I must admit, Andrea Mack’s How I Got My Agent story is my favorite kind: one where a 12 x 12 member signed with a 12 x 12 Featured Agent with a manuscript written in the challenge. They do say good things come in threes! Andrea doesn’t know this (until now), but I got a lovely email from her agent, Janine Le at Sheldon Fogelman Agency, the other day telling me how excited she was to be representing Andrea. It’s all a result of Andrea’s hard work and dedication to craft. Please welcome Andrea!
How long had you been writing before seeking an agent, and what made you decide it was time to look for one?
I’ve been writing since I could hold a pencil. My earliest works are mostly about mice, cats and painting elephants (apparently, they look better in pink). I think it’s always been my dream to write for children, but I didn’t take myself seriously and start taking steps towards achieving my dream until my father passed away. That’s when I realized life is too short to wait for my dream to find me.
I started writing children’s stories for educational publishers. I had many books published in Korea, for children learning English. I’m proud of the work I did and I learned a lot, but I also found I didn’t have much time for my own stories to grow. So about six years ago, I created a work schedule for myself where I’d also have time to work on my own writing. I wrote some not-so-good picture books and submitted them to publishers and agents. As the rejections started piling up and I learned more about how hard it was to publish a picture book, I switched to writing middle grade novels. I submitted them to agents and got a few encouraging, personalized comments, but also more rejections. Some of the rejections left me feeling quite discouraged, to the point where I almost quit writing.
Luckily, I had the encouragement of my family and my wonderful critique partners. I decided what I needed was to bring back the fun. Since I teach kindergarten and spend so much time with 4- and 5-year-olds, it seemed natural to return to writing picture books. And it really is so much fun! In 2014, I ignored all the negative thoughts in my mind about picture books being hard to sell, joined the 12 x 12 challenge, and started to submit picture book manuscripts to agents.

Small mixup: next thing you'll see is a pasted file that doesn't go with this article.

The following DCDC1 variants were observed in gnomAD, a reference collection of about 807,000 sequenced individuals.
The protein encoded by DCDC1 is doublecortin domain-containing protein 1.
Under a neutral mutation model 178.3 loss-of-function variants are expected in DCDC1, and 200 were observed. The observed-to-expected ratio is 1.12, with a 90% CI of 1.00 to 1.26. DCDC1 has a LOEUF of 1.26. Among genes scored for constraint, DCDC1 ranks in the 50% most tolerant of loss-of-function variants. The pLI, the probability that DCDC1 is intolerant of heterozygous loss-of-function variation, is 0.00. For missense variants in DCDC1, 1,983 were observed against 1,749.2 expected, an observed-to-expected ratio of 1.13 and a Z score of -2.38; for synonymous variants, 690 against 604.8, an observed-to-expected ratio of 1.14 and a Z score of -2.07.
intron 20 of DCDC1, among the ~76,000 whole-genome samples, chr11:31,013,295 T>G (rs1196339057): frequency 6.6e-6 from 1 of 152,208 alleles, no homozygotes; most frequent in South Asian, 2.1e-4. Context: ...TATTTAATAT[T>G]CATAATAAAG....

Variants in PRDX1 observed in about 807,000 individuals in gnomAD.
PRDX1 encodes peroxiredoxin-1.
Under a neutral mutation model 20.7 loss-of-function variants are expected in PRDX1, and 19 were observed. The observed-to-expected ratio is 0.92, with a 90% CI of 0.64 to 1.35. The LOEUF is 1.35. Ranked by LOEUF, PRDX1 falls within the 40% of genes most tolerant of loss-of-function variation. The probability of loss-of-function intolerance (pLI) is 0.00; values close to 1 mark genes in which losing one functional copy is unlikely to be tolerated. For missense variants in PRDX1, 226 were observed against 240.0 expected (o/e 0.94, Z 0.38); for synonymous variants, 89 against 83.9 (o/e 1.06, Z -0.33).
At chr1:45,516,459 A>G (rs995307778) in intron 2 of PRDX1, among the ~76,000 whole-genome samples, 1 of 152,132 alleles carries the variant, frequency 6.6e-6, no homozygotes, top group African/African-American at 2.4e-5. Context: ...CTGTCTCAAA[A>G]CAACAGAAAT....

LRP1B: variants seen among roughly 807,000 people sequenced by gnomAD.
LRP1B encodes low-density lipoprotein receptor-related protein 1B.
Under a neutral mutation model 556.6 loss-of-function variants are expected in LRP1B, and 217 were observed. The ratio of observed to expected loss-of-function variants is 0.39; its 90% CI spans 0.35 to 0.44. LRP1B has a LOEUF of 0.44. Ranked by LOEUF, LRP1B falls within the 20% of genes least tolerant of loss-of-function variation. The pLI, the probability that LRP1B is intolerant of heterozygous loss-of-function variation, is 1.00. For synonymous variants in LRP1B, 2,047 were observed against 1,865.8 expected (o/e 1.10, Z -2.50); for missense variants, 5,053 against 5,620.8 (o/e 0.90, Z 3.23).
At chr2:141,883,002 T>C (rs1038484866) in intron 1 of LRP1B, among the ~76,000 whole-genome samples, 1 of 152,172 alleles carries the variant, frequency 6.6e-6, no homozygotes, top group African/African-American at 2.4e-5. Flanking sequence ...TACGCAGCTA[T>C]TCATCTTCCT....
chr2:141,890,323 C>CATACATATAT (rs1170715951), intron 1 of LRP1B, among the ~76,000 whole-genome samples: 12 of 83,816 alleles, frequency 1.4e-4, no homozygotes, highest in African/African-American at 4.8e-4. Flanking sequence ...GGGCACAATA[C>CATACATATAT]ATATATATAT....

What kind of research did you do before submitting?
I wanted to find an agent who would represent my middle grade novels as well as my picture book texts, so I compiled a list using online resources (e.g., like Literary Rambles, Kathy Temean’s blog, #MSWL). Basically, whatever I could find to learn about agents and the kinds of books they were interested in representing.
The dreaded questions: How many queries? How many rejections?
It varies, depending on the manuscript. All together, maybe 30 submissions and rejections for picture books. For the manuscript that first captured the attention of my new agent, I only sent 5 queries.
Was it difficult to find an agent who wanted to represent an author focusing solely on picture books?
I thought what would happen was I’d find an agent who liked my middle grade novel and then later, we might work on my picture books. But the reverse happened! Janine first got interested in a picture book manuscript, and then I sent her two more manuscripts, as well as part of one of my novels.
Who is your new agent? Tell us about getting the news.
In the fall of 2014, I submitted one of my manuscripts to Janine Le at Sheldon Fogelman Agency through the agent submission opportunity in the Gold level of 12 x 12. Janine liked that one and requested more of my work. I didn’t hear back for several months. In the meantime, I’d been working on another picture book manuscript that I was really excited about. So I sent her an e-mail inquiring about the status of my original manuscript and mentioned that I’d written a new one. She asked me to send it to her.
A few weeks later, Janine e-mailed and asked if we could talk on the phone. I was both nervous and excited! A couple of days later, after consulting with her colleagues, she told me she wanted to represent me! I still break out into a big smile when I remember that I now have an agent!